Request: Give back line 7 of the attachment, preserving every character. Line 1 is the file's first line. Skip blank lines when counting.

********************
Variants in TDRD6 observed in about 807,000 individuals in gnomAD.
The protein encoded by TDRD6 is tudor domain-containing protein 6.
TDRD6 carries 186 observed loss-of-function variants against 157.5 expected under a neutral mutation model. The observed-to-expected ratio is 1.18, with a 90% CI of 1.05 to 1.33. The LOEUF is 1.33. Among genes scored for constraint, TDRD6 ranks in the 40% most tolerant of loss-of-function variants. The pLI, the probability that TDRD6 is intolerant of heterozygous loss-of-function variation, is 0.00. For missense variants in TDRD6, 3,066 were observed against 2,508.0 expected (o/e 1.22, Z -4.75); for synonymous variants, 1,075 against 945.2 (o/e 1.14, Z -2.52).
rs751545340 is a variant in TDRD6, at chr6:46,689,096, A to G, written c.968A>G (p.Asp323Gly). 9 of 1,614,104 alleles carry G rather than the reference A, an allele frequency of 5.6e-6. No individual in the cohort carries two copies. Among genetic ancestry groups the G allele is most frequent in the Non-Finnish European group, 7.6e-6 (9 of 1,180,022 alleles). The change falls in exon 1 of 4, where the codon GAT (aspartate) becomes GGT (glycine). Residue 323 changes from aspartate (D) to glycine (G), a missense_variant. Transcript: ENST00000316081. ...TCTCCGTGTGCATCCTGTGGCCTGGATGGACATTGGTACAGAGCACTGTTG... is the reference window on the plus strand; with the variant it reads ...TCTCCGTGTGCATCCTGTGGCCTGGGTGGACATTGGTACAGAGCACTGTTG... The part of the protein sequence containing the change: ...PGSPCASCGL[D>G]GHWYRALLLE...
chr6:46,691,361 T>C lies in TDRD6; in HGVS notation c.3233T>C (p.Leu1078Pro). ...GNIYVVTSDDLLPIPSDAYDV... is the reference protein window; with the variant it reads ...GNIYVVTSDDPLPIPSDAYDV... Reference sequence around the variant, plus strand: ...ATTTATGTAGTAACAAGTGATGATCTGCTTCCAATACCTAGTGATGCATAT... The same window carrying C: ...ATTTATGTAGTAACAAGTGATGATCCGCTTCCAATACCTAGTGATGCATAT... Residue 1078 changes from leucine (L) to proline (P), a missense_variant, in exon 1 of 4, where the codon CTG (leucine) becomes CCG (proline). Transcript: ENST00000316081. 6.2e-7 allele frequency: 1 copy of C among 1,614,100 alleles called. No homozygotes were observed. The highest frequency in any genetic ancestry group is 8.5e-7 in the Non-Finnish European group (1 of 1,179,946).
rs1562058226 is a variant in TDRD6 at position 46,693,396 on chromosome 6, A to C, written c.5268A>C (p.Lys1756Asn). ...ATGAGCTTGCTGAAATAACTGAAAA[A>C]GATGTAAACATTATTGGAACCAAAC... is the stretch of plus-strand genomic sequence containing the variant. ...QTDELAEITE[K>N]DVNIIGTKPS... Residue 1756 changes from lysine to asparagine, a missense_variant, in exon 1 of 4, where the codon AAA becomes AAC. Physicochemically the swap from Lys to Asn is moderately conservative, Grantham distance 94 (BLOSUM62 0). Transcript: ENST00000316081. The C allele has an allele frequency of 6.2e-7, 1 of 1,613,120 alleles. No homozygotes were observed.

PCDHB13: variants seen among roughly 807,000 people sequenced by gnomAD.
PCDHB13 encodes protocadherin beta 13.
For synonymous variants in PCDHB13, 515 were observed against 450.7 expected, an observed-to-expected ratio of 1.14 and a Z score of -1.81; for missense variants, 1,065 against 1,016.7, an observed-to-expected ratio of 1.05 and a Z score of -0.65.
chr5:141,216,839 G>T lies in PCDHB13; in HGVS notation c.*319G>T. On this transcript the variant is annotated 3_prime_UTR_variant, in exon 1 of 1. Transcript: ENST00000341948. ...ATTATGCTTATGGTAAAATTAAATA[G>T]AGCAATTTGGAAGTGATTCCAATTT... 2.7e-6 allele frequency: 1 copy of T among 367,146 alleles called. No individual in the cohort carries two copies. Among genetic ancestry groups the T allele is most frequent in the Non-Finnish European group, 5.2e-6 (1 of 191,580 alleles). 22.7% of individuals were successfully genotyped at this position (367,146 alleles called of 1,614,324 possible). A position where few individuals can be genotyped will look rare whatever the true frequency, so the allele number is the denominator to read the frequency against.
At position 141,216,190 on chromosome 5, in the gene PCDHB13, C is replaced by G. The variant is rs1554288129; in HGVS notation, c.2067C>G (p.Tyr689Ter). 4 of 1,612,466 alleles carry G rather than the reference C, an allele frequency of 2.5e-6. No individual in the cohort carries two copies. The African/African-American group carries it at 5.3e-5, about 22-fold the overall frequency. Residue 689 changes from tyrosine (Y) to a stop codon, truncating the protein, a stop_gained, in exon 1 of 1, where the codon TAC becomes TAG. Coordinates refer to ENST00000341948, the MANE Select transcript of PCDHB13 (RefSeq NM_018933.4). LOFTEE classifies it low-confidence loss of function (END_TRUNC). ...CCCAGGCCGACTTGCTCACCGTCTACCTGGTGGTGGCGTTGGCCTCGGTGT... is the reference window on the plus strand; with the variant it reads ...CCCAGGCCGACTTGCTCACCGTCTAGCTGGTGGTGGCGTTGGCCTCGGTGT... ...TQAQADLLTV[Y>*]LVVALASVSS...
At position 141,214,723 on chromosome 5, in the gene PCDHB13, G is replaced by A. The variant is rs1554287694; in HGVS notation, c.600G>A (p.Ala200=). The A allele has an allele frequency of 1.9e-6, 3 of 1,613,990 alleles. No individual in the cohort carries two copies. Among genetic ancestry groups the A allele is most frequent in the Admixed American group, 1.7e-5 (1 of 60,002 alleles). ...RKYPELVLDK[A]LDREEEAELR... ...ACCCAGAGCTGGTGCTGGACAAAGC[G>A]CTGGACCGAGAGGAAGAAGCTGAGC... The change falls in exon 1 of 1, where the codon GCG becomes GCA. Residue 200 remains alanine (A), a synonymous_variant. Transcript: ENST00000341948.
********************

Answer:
PCDHB13: variants seen among roughly 807,000 people sequenced by gnomAD.